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Ask THE GOODS is a advice column fuelled by questions from you, our readers, posed those sat at the tables of the world's largest brands and agencies. Have a question for our next edition? Send an email to Kelcie.
In this edition we asked your questions to Elaine Purcell, Chief Growth Officer at DDB North America.
If you're a small agency, know yourself. Figure out what you're brilliant at, and ensure you understand why. A client can only hold a small amount of space for you in their brain - what do you want that space to be? Once you've established that, then make it all about the people. Make sure that they know who your leaders are. Before, I would have suggested showcasing creative work, but now I say leaders because that's what they are buying. The thing you did for Guinness or Marmite last year; who made that and will they be there working on my account? Will they be part of my team? Share what your leaders have done in the past. Because what you've done in the past is impactful, even if you did it for another agency."
What's helpful is to imagine the pressures that your C-suite is under. If you're getting pressure from others, the first thing you need to stop thinking about is that it's to do with you. Instead, start thinking - what pressure is that other person under? You know, this is rarely personal in this industry. People are stressed because of something that's happening that you're not aware of. Just apply a little bit of empathy. Get into your boss's head or shoes at every level, and start to imagine what's keeping them awake, the sooner you can get on with your job - making those problems seem smaller and less of a problem, the better. You're also, getting pressure because, potentially, you're not managing things correctly. If the C-suite is feeling frustrated this could mean you haven't conveyed when decisions are going to be made - even if you don't know. So, underpromise and over deliver. If a decision gets made quicker, no one will fault you for that. If you think something will take a month, tell your team we probably won't hear back for another six weeks. Before you know it, people aren't as anxious if you haven't heard after four weeks. You've helped curtail expectations."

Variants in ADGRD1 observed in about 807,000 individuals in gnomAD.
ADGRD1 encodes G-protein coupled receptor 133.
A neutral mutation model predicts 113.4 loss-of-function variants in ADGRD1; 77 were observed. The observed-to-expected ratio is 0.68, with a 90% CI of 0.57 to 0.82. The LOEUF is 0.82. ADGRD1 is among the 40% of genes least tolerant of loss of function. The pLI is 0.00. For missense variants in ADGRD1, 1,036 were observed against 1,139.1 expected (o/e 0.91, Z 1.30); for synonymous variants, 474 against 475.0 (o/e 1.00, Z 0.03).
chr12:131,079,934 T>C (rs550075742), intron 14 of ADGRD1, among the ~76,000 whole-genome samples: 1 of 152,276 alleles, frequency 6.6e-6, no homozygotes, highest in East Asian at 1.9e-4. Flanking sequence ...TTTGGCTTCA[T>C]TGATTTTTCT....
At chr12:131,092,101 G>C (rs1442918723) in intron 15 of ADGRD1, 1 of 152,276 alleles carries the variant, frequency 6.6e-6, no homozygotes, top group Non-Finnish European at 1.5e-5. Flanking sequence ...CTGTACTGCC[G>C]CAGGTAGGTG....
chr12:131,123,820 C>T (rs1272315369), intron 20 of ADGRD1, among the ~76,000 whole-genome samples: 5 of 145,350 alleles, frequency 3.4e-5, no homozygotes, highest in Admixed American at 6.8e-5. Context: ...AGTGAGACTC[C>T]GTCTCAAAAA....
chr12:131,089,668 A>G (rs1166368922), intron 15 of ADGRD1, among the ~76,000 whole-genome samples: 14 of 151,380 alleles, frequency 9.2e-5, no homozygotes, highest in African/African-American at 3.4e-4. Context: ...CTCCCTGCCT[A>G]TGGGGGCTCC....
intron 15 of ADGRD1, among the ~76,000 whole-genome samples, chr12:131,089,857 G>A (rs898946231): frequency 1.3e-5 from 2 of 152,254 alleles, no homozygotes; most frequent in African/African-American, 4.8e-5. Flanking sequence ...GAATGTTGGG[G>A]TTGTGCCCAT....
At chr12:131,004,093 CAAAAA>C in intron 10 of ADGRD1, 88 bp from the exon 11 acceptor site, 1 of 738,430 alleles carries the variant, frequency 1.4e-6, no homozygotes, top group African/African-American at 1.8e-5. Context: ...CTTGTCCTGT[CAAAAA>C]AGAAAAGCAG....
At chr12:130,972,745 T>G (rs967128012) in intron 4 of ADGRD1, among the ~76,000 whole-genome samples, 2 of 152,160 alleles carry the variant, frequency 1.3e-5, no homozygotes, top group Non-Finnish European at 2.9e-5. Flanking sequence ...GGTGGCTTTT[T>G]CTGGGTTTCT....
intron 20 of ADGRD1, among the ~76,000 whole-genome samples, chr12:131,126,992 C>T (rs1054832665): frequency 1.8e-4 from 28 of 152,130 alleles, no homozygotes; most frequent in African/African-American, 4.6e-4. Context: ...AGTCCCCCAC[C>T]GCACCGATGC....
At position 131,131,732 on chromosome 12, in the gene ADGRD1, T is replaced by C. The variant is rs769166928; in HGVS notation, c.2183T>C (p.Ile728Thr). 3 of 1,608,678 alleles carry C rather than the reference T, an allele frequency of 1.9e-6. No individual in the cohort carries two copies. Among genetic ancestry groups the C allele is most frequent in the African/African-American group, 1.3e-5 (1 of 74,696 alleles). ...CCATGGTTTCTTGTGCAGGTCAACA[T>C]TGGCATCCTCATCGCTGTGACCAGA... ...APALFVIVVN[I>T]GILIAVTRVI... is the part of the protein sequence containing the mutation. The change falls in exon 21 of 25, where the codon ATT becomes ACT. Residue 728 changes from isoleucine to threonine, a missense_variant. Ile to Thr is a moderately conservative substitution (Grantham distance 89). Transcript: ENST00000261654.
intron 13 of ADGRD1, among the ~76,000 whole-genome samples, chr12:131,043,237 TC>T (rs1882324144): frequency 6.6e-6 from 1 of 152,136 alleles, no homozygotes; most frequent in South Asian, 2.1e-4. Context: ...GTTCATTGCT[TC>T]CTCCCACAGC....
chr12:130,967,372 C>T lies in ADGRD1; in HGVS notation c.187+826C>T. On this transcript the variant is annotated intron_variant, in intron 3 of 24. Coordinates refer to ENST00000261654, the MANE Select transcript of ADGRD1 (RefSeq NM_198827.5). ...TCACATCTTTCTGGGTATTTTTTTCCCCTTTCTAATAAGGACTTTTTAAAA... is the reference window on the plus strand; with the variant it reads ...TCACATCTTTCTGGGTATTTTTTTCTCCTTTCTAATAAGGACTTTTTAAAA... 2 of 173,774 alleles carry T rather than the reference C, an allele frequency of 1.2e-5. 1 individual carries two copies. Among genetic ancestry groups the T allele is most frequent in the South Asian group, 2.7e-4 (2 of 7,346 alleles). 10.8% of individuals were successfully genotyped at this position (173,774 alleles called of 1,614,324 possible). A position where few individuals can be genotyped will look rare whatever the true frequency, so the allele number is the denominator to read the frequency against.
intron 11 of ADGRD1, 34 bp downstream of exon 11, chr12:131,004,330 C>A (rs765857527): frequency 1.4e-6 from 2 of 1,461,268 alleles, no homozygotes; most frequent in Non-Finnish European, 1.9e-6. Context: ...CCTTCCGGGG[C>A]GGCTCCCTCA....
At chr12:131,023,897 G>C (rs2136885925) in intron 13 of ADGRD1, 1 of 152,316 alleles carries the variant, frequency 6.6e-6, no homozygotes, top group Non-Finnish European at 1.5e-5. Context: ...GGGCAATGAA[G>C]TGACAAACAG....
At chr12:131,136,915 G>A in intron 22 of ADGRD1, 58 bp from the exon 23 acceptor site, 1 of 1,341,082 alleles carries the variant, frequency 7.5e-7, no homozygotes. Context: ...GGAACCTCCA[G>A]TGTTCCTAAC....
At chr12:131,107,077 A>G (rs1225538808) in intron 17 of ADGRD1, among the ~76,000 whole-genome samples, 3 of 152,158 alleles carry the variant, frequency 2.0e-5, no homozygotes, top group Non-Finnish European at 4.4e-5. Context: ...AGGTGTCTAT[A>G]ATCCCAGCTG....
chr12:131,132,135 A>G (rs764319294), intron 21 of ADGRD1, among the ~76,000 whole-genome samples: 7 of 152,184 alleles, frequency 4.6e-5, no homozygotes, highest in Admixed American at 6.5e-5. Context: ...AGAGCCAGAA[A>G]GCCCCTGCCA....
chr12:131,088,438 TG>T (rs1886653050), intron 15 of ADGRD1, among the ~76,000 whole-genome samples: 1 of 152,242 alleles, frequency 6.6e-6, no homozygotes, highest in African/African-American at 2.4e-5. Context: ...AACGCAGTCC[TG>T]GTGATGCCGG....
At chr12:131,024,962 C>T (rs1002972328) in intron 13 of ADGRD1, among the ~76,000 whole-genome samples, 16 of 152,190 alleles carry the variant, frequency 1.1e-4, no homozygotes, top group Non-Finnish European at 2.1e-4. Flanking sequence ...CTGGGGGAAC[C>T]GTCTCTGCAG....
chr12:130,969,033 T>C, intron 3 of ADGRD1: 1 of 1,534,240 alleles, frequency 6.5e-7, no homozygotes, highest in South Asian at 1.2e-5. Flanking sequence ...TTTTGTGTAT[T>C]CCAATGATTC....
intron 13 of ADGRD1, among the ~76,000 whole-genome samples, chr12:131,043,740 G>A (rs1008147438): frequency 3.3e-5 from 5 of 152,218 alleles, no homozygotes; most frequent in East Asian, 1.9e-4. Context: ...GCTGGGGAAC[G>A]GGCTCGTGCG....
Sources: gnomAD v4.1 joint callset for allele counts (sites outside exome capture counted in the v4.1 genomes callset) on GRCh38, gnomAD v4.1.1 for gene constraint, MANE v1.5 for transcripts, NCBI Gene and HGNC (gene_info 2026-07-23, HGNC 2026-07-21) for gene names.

From a resources perspective, you can say to the client 'we're in a position to commit X amount of time to this project and I need to be able to manage that.' By laying out the ground rules of what's going to work for you. You're teaching someone how to treat you. Have backbone and integrity and say, 'that's not how we do it around here'. You could day, 'These are our terms and conditions or rules of engagement. Are you in?' Have that conviction - don't worry about it. From the very beginning, have a grown-up conversation and if possible, eliminate the nickel and dime mentality with potential clients you have. Try to avoid relationships or dynamics based on hourly pricing - I'll work five hours, you'll pay me 5x - because, in a way, there's no incentive for the agency to over-deliver on that front. Because what will happen is the client will say, stop after two hours. And you're like, what? No, like, we didn't do the best possible work. Start to create this by saying 'this is what we want to accomplish together. Are we all in agreement on that? This is how we will price that? Yep, great.' If you're working on sorting hours per job, you're watching the clock, it's a different mindset. And when an agency-client structure begins in that way, or that partnership begins in that way, I think it very quickly slides into this sort of nickel and diming, where we over-deliver something and charge you for it. 'No, no, we agreed that this is what success looks like, you're going to pay us fairly, we're going to treat you fairly.'"